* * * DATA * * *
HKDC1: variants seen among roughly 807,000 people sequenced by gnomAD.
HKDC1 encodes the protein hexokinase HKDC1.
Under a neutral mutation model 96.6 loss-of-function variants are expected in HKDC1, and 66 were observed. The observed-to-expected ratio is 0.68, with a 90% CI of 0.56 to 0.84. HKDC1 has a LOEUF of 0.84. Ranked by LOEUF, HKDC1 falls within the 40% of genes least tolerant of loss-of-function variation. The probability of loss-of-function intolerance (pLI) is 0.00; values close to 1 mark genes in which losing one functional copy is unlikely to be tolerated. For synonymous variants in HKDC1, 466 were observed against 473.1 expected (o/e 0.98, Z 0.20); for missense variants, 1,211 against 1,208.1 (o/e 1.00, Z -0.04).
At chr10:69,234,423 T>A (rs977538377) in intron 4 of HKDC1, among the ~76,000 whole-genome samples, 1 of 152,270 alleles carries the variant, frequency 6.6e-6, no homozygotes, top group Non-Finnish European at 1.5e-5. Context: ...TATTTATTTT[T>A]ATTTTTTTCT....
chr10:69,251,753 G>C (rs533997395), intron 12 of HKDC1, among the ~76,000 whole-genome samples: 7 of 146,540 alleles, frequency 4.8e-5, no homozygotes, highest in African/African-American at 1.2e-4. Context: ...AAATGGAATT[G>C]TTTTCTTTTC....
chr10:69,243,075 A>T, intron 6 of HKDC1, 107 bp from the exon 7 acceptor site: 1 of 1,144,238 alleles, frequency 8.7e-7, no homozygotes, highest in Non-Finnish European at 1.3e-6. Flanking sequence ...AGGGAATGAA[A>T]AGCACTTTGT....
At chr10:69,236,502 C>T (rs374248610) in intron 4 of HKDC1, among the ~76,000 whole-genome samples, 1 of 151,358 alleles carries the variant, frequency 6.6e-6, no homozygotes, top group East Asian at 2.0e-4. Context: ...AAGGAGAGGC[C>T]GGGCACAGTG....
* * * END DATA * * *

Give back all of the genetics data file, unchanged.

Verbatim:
HKDC1: variants seen among roughly 807,000 people sequenced by gnomAD.
HKDC1 encodes the protein hexokinase HKDC1.
Under a neutral mutation model 96.6 loss-of-function variants are expected in HKDC1, and 66 were observed. The observed-to-expected ratio is 0.68, with a 90% CI of 0.56 to 0.84. HKDC1 has a LOEUF of 0.84. Ranked by LOEUF, HKDC1 falls within the 40% of genes least tolerant of loss-of-function variation. The probability of loss-of-function intolerance (pLI) is 0.00; values close to 1 mark genes in which losing one functional copy is unlikely to be tolerated. For synonymous variants in HKDC1, 466 were observed against 473.1 expected (o/e 0.98, Z 0.20); for missense variants, 1,211 against 1,208.1 (o/e 1.00, Z -0.04).
At chr10:69,234,423 T>A (rs977538377) in intron 4 of HKDC1, among the ~76,000 whole-genome samples, 1 of 152,270 alleles carries the variant, frequency 6.6e-6, no homozygotes, top group Non-Finnish European at 1.5e-5. Context: ...TATTTATTTT[T>A]ATTTTTTTCT....
chr10:69,251,753 G>C (rs533997395), intron 12 of HKDC1, among the ~76,000 whole-genome samples: 7 of 146,540 alleles, frequency 4.8e-5, no homozygotes, highest in African/African-American at 1.2e-4. Context: ...AAATGGAATT[G>C]TTTTCTTTTC....
chr10:69,243,075 A>T, intron 6 of HKDC1, 107 bp from the exon 7 acceptor site: 1 of 1,144,238 alleles, frequency 8.7e-7, no homozygotes, highest in Non-Finnish European at 1.3e-6. Flanking sequence ...AGGGAATGAA[A>T]AGCACTTTGT....
At chr10:69,236,502 C>T (rs374248610) in intron 4 of HKDC1, among the ~76,000 whole-genome samples, 1 of 151,358 alleles carries the variant, frequency 6.6e-6, no homozygotes, top group East Asian at 2.0e-4. Context: ...AAGGAGAGGC[C>T]GGGCACAGTG....